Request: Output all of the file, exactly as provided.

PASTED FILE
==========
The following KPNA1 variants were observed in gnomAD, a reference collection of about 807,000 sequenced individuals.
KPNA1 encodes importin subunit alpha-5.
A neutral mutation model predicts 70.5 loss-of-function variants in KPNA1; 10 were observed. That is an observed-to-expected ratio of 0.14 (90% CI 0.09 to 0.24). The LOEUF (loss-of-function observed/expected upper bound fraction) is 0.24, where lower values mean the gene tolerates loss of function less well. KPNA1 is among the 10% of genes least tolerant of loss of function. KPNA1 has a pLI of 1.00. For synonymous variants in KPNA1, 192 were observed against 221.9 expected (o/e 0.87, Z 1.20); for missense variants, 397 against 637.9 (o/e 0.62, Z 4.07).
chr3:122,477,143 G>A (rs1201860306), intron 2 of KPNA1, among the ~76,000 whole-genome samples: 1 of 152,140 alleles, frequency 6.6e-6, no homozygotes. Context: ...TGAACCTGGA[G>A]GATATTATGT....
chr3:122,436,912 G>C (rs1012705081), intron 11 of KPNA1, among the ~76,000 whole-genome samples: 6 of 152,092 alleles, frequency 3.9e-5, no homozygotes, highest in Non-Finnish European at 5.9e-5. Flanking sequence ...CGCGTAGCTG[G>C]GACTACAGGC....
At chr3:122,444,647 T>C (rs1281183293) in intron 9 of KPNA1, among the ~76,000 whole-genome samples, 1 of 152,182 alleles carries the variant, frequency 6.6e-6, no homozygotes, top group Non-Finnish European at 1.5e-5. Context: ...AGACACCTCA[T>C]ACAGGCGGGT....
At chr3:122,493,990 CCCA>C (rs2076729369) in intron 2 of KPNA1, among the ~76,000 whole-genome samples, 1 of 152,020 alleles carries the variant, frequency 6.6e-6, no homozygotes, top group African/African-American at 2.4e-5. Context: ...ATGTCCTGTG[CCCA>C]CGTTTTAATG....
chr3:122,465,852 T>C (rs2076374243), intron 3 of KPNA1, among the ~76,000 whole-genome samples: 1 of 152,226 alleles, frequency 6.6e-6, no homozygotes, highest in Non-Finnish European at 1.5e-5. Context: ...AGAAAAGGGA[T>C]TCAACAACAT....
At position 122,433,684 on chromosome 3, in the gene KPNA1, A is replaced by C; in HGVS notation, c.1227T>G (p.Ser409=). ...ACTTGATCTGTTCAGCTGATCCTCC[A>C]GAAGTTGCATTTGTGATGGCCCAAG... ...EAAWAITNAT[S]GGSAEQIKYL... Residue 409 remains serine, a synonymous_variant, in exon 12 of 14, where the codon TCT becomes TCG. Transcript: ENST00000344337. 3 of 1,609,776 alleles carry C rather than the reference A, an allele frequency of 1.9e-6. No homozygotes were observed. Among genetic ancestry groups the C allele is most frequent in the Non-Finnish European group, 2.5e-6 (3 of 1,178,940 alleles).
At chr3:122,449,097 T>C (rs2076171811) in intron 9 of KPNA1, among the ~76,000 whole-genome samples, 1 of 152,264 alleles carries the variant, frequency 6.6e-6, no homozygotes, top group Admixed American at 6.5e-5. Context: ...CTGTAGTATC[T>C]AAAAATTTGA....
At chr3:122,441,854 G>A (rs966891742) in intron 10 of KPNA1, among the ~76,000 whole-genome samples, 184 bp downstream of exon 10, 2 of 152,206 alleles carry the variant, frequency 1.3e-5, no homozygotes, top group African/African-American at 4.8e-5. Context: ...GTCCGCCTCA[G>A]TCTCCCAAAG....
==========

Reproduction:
The following KPNA1 variants were observed in gnomAD, a reference collection of about 807,000 sequenced individuals.
KPNA1 encodes importin subunit alpha-5.
A neutral mutation model predicts 70.5 loss-of-function variants in KPNA1; 10 were observed. That is an observed-to-expected ratio of 0.14 (90% CI 0.09 to 0.24). The LOEUF (loss-of-function observed/expected upper bound fraction) is 0.24, where lower values mean the gene tolerates loss of function less well. KPNA1 is among the 10% of genes least tolerant of loss of function. KPNA1 has a pLI of 1.00. For synonymous variants in KPNA1, 192 were observed against 221.9 expected (o/e 0.87, Z 1.20); for missense variants, 397 against 637.9 (o/e 0.62, Z 4.07).
chr3:122,477,143 G>A (rs1201860306), intron 2 of KPNA1, among the ~76,000 whole-genome samples: 1 of 152,140 alleles, frequency 6.6e-6, no homozygotes. Context: ...TGAACCTGGA[G>A]GATATTATGT....
chr3:122,436,912 G>C (rs1012705081), intron 11 of KPNA1, among the ~76,000 whole-genome samples: 6 of 152,092 alleles, frequency 3.9e-5, no homozygotes, highest in Non-Finnish European at 5.9e-5. Flanking sequence ...CGCGTAGCTG[G>C]GACTACAGGC....
At chr3:122,444,647 T>C (rs1281183293) in intron 9 of KPNA1, among the ~76,000 whole-genome samples, 1 of 152,182 alleles carries the variant, frequency 6.6e-6, no homozygotes, top group Non-Finnish European at 1.5e-5. Context: ...AGACACCTCA[T>C]ACAGGCGGGT....
At chr3:122,493,990 CCCA>C (rs2076729369) in intron 2 of KPNA1, among the ~76,000 whole-genome samples, 1 of 152,020 alleles carries the variant, frequency 6.6e-6, no homozygotes, top group African/African-American at 2.4e-5. Context: ...ATGTCCTGTG[CCCA>C]CGTTTTAATG....
chr3:122,465,852 T>C (rs2076374243), intron 3 of KPNA1, among the ~76,000 whole-genome samples: 1 of 152,226 alleles, frequency 6.6e-6, no homozygotes, highest in Non-Finnish European at 1.5e-5. Context: ...AGAAAAGGGA[T>C]TCAACAACAT....
At position 122,433,684 on chromosome 3, in the gene KPNA1, A is replaced by C; in HGVS notation, c.1227T>G (p.Ser409=). ...ACTTGATCTGTTCAGCTGATCCTCC[A>C]GAAGTTGCATTTGTGATGGCCCAAG... ...EAAWAITNAT[S]GGSAEQIKYL... Residue 409 remains serine, a synonymous_variant, in exon 12 of 14, where the codon TCT becomes TCG. Transcript: ENST00000344337. 3 of 1,609,776 alleles carry C rather than the reference A, an allele frequency of 1.9e-6. No homozygotes were observed. Among genetic ancestry groups the C allele is most frequent in the Non-Finnish European group, 2.5e-6 (3 of 1,178,940 alleles).
At chr3:122,449,097 T>C (rs2076171811) in intron 9 of KPNA1, among the ~76,000 whole-genome samples, 1 of 152,264 alleles carries the variant, frequency 6.6e-6, no homozygotes, top group Admixed American at 6.5e-5. Context: ...CTGTAGTATC[T>C]AAAAATTTGA....
At chr3:122,441,854 G>A (rs966891742) in intron 10 of KPNA1, among the ~76,000 whole-genome samples, 184 bp downstream of exon 10, 2 of 152,206 alleles carry the variant, frequency 1.3e-5, no homozygotes, top group African/African-American at 4.8e-5. Context: ...GTCCGCCTCA[G>A]TCTCCCAAAG....